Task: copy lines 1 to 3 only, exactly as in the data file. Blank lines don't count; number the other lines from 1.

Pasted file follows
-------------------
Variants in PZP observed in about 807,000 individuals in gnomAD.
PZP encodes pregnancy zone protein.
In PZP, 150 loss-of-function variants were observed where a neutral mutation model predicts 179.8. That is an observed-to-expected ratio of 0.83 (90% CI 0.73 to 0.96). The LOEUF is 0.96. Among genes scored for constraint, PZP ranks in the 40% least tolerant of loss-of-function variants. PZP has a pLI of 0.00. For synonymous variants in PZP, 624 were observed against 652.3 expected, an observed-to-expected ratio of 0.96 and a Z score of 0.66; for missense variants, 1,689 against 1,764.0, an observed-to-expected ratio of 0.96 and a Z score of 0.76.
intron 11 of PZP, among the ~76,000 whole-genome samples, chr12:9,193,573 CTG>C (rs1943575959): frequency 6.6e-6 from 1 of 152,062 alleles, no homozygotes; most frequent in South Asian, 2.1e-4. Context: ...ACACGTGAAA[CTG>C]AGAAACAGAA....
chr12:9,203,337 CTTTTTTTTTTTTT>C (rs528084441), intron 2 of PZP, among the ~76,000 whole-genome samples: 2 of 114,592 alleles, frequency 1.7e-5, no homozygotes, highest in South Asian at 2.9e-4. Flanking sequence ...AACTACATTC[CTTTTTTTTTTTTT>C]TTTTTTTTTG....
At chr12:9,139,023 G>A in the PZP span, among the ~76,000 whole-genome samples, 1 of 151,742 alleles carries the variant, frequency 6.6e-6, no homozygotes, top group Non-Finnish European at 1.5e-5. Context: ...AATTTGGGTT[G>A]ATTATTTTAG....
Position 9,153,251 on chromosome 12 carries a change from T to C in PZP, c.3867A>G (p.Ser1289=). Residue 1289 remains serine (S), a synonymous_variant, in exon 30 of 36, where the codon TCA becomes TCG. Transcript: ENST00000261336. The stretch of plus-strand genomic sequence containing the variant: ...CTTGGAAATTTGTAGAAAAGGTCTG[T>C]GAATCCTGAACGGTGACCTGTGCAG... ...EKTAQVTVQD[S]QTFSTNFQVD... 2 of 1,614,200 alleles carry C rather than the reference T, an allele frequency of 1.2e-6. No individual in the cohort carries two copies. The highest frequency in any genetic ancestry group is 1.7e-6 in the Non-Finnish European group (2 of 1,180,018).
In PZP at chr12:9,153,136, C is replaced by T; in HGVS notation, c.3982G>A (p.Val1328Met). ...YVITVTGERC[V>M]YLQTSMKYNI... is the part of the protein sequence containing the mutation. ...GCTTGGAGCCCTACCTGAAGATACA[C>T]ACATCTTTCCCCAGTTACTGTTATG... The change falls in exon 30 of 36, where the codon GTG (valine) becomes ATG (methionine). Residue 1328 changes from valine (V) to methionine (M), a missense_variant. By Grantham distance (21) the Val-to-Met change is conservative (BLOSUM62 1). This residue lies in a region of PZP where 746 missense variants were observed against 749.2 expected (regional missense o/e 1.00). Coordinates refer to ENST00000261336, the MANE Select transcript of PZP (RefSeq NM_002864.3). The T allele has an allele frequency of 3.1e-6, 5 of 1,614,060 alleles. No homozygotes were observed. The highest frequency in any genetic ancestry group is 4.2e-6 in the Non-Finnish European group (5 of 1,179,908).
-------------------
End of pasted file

Variants in PZP observed in about 807,000 individuals in gnomAD.
PZP encodes pregnancy zone protein.
In PZP, 150 loss-of-function variants were observed where a neutral mutation model predicts 179.8. That is an observed-to-expected ratio of 0.83 (90% CI 0.73 to 0.96). The LOEUF is 0.96. Among genes scored for constraint, PZP ranks in the 40% least tolerant of loss-of-function variants. PZP has a pLI of 0.00. For synonymous variants in PZP, 624 were observed against 652.3 expected, an observed-to-expected ratio of 0.96 and a Z score of 0.66; for missense variants, 1,689 against 1,764.0, an observed-to-expected ratio of 0.96 and a Z score of 0.76.